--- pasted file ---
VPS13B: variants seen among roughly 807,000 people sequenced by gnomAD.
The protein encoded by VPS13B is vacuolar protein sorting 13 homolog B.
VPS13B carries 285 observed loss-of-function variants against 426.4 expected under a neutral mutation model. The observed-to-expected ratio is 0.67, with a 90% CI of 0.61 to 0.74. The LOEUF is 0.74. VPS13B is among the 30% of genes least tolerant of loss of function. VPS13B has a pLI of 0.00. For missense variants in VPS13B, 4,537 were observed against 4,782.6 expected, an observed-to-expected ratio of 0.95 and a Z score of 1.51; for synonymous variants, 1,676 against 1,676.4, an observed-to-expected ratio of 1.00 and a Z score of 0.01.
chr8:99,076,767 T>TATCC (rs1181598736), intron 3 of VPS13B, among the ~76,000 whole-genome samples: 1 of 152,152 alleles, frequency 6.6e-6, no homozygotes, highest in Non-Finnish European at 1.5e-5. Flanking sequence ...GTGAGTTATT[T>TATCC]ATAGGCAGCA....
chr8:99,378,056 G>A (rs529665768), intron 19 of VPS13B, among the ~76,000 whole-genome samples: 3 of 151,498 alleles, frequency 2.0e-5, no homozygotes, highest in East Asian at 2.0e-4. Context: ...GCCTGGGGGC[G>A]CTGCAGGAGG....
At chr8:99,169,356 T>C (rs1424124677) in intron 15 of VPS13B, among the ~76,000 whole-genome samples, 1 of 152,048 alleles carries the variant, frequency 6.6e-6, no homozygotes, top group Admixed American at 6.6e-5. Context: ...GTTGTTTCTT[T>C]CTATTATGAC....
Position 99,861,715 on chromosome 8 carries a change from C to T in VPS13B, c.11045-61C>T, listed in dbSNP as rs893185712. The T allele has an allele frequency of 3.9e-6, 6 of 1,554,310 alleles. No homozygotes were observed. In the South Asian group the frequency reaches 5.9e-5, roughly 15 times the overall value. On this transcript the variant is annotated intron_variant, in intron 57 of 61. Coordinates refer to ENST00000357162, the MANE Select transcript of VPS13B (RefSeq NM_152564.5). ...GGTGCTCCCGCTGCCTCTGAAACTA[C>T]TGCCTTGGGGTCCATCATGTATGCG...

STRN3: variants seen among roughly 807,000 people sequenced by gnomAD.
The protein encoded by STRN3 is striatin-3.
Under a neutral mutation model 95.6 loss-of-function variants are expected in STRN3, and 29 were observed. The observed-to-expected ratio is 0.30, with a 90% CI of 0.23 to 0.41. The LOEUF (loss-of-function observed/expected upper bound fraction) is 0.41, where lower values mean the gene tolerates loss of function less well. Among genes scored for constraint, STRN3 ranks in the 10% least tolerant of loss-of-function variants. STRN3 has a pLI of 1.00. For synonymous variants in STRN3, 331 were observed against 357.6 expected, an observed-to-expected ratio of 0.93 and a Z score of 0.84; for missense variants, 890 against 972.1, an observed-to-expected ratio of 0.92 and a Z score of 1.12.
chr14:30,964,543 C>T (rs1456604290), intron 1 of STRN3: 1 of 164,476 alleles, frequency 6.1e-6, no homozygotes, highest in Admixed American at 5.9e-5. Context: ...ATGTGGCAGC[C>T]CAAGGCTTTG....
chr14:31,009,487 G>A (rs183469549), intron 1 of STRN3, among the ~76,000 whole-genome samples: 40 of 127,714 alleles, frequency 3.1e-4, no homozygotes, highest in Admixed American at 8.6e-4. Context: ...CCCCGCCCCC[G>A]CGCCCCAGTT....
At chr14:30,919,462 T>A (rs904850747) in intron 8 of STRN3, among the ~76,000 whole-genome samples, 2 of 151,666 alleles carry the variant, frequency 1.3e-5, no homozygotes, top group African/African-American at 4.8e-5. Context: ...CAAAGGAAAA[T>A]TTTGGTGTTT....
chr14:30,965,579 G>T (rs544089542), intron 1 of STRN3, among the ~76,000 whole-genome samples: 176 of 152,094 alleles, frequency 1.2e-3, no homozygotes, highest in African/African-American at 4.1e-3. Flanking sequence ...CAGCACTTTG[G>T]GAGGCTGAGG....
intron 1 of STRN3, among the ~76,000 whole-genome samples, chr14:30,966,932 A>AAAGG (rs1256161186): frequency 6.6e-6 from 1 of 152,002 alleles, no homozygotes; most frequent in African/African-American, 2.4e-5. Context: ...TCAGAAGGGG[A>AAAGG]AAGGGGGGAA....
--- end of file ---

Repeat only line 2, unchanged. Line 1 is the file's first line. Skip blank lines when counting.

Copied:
The protein encoded by VPS13B is vacuolar protein sorting 13 homolog B.